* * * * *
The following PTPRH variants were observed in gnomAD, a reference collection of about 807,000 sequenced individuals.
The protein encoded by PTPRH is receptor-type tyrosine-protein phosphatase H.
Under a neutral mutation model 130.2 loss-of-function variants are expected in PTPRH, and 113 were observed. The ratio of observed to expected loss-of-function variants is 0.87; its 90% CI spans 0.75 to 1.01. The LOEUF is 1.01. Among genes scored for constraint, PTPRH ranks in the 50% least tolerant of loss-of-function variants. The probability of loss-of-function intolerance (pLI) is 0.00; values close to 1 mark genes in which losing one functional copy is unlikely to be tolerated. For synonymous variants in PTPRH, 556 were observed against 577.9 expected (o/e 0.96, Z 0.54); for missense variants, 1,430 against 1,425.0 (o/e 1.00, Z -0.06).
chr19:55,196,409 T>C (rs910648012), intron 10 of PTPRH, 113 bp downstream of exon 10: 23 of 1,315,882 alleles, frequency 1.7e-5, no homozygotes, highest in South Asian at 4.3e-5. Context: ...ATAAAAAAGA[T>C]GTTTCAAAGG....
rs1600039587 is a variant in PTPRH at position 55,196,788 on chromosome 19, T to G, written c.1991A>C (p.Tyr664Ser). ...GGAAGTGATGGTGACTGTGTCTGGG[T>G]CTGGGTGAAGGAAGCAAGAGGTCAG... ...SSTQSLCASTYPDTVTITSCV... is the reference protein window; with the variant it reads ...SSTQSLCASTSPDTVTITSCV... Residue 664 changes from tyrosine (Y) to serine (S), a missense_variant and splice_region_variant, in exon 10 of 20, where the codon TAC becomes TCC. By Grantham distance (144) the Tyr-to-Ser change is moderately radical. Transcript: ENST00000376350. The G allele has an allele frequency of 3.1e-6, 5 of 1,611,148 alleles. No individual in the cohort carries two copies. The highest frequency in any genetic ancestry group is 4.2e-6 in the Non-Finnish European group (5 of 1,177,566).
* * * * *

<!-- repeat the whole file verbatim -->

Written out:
The following PTPRH variants were observed in gnomAD, a reference collection of about 807,000 sequenced individuals.
The protein encoded by PTPRH is receptor-type tyrosine-protein phosphatase H.
Under a neutral mutation model 130.2 loss-of-function variants are expected in PTPRH, and 113 were observed. The ratio of observed to expected loss-of-function variants is 0.87; its 90% CI spans 0.75 to 1.01. The LOEUF is 1.01. Among genes scored for constraint, PTPRH ranks in the 50% least tolerant of loss-of-function variants. The probability of loss-of-function intolerance (pLI) is 0.00; values close to 1 mark genes in which losing one functional copy is unlikely to be tolerated. For synonymous variants in PTPRH, 556 were observed against 577.9 expected (o/e 0.96, Z 0.54); for missense variants, 1,430 against 1,425.0 (o/e 1.00, Z -0.06).
chr19:55,196,409 T>C (rs910648012), intron 10 of PTPRH, 113 bp downstream of exon 10: 23 of 1,315,882 alleles, frequency 1.7e-5, no homozygotes, highest in South Asian at 4.3e-5. Context: ...ATAAAAAAGA[T>C]GTTTCAAAGG....
rs1600039587 is a variant in PTPRH at position 55,196,788 on chromosome 19, T to G, written c.1991A>C (p.Tyr664Ser). ...GGAAGTGATGGTGACTGTGTCTGGG[T>G]CTGGGTGAAGGAAGCAAGAGGTCAG... ...SSTQSLCASTYPDTVTITSCV... is the reference protein window; with the variant it reads ...SSTQSLCASTSPDTVTITSCV... Residue 664 changes from tyrosine (Y) to serine (S), a missense_variant and splice_region_variant, in exon 10 of 20, where the codon TAC becomes TCC. By Grantham distance (144) the Tyr-to-Ser change is moderately radical. Transcript: ENST00000376350. The G allele has an allele frequency of 3.1e-6, 5 of 1,611,148 alleles. No individual in the cohort carries two copies. The highest frequency in any genetic ancestry group is 4.2e-6 in the Non-Finnish European group (5 of 1,177,566).